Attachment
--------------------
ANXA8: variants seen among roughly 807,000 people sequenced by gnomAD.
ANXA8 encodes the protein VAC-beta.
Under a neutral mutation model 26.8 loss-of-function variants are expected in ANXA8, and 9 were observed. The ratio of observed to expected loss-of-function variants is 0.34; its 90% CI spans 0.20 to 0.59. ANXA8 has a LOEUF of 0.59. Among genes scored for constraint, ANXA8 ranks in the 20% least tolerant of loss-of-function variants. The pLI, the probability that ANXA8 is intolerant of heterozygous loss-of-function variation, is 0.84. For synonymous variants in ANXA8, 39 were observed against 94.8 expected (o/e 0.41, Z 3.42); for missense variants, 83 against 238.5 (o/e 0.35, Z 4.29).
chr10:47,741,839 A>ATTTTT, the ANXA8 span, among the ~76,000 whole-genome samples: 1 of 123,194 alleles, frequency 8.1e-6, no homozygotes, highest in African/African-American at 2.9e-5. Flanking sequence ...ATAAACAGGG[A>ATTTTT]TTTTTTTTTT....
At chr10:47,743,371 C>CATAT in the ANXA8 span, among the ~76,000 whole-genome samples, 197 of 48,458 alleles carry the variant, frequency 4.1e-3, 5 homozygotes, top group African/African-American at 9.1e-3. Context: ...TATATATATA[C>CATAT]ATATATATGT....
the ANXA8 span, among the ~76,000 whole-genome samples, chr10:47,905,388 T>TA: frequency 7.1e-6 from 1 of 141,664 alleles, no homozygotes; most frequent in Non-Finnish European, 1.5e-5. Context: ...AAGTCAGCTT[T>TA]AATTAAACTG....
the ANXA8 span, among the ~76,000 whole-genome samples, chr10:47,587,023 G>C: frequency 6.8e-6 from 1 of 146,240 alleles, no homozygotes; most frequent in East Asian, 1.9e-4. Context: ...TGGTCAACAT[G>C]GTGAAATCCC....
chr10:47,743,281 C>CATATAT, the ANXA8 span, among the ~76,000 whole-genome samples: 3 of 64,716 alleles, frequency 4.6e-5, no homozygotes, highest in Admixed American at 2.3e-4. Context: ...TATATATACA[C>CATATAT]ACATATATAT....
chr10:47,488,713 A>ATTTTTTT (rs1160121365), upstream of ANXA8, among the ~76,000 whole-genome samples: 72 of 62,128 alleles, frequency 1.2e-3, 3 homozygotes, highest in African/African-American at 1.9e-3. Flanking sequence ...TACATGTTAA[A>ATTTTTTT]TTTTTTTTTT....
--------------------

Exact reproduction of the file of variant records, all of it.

ANXA8: variants seen among roughly 807,000 people sequenced by gnomAD.
ANXA8 encodes the protein VAC-beta.
Under a neutral mutation model 26.8 loss-of-function variants are expected in ANXA8, and 9 were observed. The ratio of observed to expected loss-of-function variants is 0.34; its 90% CI spans 0.20 to 0.59. ANXA8 has a LOEUF of 0.59. Among genes scored for constraint, ANXA8 ranks in the 20% least tolerant of loss-of-function variants. The pLI, the probability that ANXA8 is intolerant of heterozygous loss-of-function variation, is 0.84. For synonymous variants in ANXA8, 39 were observed against 94.8 expected (o/e 0.41, Z 3.42); for missense variants, 83 against 238.5 (o/e 0.35, Z 4.29).
chr10:47,741,839 A>ATTTTT, the ANXA8 span, among the ~76,000 whole-genome samples: 1 of 123,194 alleles, frequency 8.1e-6, no homozygotes, highest in African/African-American at 2.9e-5. Flanking sequence ...ATAAACAGGG[A>ATTTTT]TTTTTTTTTT....
At chr10:47,743,371 C>CATAT in the ANXA8 span, among the ~76,000 whole-genome samples, 197 of 48,458 alleles carry the variant, frequency 4.1e-3, 5 homozygotes, top group African/African-American at 9.1e-3. Context: ...TATATATATA[C>CATAT]ATATATATGT....
the ANXA8 span, among the ~76,000 whole-genome samples, chr10:47,905,388 T>TA: frequency 7.1e-6 from 1 of 141,664 alleles, no homozygotes; most frequent in Non-Finnish European, 1.5e-5. Context: ...AAGTCAGCTT[T>TA]AATTAAACTG....
the ANXA8 span, among the ~76,000 whole-genome samples, chr10:47,587,023 G>C: frequency 6.8e-6 from 1 of 146,240 alleles, no homozygotes; most frequent in East Asian, 1.9e-4. Context: ...TGGTCAACAT[G>C]GTGAAATCCC....
chr10:47,743,281 C>CATATAT, the ANXA8 span, among the ~76,000 whole-genome samples: 3 of 64,716 alleles, frequency 4.6e-5, no homozygotes, highest in Admixed American at 2.3e-4. Context: ...TATATATACA[C>CATATAT]ACATATATAT....
chr10:47,488,713 A>ATTTTTTT (rs1160121365), upstream of ANXA8, among the ~76,000 whole-genome samples: 72 of 62,128 alleles, frequency 1.2e-3, 3 homozygotes, highest in African/African-American at 1.9e-3. Flanking sequence ...TACATGTTAA[A>ATTTTTTT]TTTTTTTTTT....